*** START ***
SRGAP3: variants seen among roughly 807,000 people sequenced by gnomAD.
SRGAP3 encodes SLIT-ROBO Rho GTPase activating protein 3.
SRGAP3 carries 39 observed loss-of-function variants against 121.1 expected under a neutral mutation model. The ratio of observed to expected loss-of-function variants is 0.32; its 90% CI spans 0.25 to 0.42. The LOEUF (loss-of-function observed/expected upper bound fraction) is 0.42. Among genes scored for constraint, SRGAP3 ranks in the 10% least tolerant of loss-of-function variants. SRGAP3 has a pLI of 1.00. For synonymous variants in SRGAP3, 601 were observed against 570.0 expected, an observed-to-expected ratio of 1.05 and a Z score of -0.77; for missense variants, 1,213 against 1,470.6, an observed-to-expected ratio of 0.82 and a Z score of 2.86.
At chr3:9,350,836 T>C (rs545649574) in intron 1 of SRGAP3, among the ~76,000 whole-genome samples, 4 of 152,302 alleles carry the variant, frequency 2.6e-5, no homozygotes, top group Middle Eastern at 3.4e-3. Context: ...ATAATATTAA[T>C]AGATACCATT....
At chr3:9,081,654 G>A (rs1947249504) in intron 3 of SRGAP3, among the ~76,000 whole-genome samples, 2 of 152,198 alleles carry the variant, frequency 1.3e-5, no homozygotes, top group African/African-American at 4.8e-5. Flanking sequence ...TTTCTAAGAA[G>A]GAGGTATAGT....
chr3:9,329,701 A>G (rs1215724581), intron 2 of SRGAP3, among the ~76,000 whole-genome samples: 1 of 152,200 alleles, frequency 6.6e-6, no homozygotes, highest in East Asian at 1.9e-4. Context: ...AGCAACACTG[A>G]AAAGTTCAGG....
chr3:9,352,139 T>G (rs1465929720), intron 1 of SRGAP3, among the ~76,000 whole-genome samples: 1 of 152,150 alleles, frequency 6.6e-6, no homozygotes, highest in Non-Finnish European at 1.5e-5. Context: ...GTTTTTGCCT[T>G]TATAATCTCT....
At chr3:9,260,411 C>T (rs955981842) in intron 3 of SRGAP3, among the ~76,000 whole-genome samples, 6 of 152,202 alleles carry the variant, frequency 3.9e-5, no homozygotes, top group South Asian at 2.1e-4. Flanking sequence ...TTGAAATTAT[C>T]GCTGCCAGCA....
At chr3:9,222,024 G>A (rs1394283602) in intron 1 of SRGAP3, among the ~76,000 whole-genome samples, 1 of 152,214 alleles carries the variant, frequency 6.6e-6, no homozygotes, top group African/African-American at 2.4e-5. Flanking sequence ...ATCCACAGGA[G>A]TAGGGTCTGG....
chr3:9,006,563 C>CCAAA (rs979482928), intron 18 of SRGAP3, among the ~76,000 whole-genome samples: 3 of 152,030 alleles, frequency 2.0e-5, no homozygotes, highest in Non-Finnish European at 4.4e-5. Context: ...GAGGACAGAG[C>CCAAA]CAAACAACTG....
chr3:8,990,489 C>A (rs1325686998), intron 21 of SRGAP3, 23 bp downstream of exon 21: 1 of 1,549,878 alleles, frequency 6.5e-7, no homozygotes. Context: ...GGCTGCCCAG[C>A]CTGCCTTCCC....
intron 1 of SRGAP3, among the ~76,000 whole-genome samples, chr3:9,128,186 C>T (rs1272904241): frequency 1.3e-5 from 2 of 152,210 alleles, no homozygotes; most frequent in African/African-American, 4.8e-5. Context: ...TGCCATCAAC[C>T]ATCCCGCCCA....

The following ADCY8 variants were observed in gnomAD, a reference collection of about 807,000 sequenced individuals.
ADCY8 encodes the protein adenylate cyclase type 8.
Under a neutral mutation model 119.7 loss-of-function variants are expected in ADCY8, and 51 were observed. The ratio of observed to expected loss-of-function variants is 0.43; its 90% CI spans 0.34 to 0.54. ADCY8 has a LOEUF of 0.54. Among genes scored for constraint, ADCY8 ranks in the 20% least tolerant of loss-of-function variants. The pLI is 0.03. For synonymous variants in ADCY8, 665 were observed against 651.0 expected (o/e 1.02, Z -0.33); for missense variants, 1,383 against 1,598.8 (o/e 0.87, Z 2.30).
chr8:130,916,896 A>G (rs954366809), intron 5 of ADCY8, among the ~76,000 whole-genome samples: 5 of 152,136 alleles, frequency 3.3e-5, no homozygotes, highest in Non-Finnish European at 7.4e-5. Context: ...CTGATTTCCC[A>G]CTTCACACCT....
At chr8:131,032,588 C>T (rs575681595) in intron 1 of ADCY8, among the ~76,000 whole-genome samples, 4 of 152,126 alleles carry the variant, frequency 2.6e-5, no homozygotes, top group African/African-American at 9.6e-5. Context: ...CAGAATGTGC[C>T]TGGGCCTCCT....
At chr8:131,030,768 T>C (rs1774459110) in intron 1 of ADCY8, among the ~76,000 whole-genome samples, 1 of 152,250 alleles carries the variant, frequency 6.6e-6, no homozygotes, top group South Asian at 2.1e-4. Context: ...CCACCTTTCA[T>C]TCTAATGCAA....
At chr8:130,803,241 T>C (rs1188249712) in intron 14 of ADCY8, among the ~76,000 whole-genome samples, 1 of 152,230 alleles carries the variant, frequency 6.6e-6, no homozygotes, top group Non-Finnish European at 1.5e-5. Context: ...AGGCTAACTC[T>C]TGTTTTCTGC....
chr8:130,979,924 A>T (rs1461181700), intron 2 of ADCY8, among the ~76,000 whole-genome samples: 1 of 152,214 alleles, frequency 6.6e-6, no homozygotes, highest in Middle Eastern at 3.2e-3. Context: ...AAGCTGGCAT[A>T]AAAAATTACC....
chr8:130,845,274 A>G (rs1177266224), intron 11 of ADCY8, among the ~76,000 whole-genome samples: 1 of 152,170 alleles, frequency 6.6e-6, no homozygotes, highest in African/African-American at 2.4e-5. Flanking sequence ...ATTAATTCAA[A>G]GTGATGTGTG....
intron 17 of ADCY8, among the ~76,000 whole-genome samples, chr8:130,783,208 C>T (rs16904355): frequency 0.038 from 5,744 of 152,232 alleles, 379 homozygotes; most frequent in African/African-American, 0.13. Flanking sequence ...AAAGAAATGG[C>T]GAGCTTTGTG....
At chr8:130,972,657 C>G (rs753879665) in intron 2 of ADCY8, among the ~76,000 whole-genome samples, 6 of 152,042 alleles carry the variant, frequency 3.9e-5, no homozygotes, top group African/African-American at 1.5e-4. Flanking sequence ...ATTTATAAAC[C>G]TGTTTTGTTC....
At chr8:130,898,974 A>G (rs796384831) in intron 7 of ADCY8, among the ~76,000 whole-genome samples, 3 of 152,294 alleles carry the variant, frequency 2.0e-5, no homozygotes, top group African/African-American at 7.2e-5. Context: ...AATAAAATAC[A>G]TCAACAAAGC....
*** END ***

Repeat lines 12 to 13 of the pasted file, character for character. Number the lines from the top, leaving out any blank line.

intron 1 of SRGAP3, among the ~76,000 whole-genome samples, chr3:9,128,186 C>T (rs1272904241): frequency 1.3e-5 from 2 of 152,210 alleles, no homozygotes; most frequent in African/African-American, 4.8e-5. Context: ...TGCCATCAAC[C>T]ATCCCGCCCA....

The following ADCY8 variants were observed in gnomAD, a reference collection of about 807,000 sequenced individuals.